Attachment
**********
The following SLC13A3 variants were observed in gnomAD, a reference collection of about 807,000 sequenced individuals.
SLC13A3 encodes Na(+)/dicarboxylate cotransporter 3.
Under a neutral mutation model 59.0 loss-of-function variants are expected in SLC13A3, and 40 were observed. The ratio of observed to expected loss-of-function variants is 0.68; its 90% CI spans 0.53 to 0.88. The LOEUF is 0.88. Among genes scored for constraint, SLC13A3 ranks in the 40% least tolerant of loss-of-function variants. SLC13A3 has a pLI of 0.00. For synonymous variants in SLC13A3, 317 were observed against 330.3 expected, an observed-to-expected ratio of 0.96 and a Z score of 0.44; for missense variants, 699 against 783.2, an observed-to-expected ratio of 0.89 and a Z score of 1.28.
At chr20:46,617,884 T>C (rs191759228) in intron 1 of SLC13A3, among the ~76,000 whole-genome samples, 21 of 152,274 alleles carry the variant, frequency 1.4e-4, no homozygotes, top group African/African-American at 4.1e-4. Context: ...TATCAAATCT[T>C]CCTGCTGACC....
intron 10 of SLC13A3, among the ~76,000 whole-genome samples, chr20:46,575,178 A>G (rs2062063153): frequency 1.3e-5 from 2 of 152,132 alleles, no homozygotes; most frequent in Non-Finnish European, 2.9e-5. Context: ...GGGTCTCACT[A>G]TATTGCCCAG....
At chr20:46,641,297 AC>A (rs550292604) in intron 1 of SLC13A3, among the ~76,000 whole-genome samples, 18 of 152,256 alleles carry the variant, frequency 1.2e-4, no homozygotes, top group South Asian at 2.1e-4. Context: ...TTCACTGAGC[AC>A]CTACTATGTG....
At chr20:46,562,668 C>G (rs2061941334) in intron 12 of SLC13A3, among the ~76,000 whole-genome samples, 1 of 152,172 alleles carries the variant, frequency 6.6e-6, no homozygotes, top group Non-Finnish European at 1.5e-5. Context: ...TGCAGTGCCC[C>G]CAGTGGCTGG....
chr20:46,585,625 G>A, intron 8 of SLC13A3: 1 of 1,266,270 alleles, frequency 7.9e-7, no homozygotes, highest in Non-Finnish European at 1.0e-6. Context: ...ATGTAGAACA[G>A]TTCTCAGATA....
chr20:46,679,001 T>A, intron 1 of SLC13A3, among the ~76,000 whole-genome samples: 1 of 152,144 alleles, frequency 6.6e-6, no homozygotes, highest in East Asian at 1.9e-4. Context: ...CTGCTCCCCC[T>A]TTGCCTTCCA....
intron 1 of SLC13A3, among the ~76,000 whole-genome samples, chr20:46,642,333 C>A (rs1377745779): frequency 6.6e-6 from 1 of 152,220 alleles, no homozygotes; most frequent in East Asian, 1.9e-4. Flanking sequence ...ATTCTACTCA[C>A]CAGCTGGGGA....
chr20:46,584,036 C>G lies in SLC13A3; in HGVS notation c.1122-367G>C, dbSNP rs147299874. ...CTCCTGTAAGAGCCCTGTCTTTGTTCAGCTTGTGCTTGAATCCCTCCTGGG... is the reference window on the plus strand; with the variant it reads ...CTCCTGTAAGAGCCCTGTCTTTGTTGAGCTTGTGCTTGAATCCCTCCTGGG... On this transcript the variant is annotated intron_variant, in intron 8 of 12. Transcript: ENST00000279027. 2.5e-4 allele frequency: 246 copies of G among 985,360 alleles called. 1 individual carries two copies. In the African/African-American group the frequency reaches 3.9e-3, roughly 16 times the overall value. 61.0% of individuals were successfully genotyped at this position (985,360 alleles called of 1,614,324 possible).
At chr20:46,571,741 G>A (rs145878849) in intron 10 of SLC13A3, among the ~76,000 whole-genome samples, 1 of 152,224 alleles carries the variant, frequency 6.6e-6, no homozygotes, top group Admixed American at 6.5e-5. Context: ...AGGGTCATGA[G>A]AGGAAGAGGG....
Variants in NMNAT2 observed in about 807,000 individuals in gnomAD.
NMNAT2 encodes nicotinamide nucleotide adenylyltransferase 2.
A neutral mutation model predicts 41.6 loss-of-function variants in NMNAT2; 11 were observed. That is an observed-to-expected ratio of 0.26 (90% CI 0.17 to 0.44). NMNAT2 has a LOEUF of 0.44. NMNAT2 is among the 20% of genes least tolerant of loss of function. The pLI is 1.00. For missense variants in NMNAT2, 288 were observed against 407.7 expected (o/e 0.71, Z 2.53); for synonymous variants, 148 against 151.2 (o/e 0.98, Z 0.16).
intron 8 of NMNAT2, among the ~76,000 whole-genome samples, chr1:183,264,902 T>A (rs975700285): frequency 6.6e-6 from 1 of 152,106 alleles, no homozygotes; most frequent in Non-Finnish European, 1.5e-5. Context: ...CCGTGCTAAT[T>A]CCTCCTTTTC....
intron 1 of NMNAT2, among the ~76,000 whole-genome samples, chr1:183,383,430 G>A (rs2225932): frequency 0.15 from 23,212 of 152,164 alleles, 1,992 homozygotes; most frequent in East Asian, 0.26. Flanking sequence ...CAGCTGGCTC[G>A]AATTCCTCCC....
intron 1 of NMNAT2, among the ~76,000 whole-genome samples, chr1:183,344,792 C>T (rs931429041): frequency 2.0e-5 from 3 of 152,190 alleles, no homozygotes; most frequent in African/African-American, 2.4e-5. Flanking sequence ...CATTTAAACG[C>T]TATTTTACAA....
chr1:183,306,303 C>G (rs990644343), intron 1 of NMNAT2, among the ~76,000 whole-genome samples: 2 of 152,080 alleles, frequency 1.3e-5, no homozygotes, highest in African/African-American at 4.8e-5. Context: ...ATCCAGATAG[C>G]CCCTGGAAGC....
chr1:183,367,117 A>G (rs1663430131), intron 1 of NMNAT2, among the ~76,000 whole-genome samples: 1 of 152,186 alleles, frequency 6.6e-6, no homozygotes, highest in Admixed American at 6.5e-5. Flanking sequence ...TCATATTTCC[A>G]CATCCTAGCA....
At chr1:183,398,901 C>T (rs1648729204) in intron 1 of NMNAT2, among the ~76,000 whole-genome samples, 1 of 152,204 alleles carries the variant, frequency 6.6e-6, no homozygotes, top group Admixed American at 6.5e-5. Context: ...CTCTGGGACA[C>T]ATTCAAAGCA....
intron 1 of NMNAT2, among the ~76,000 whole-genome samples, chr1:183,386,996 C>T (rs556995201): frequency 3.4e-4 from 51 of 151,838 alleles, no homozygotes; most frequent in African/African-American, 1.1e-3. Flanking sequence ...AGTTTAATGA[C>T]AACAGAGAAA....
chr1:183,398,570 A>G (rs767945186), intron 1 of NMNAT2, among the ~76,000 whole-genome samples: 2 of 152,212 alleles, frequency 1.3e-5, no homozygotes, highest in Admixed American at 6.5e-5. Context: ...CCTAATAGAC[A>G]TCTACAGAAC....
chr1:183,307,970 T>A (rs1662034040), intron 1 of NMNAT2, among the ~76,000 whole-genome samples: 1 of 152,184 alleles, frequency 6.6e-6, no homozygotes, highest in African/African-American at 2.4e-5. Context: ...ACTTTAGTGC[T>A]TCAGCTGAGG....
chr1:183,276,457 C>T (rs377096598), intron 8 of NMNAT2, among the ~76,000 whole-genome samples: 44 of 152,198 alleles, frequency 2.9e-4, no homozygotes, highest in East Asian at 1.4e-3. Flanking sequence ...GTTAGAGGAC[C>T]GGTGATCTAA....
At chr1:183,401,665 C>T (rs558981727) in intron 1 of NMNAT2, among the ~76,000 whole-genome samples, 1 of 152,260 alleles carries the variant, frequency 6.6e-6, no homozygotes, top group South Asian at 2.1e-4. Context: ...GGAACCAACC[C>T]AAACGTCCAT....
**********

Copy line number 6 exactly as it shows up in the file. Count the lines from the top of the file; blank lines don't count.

At chr20:46,641,297 AC>A (rs550292604) in intron 1 of SLC13A3, among the ~76,000 whole-genome samples, 18 of 152,256 alleles carry the variant, frequency 1.2e-4, no homozygotes, top group South Asian at 2.1e-4. Context: ...TTCACTGAGC[AC>A]CTACTATGTG....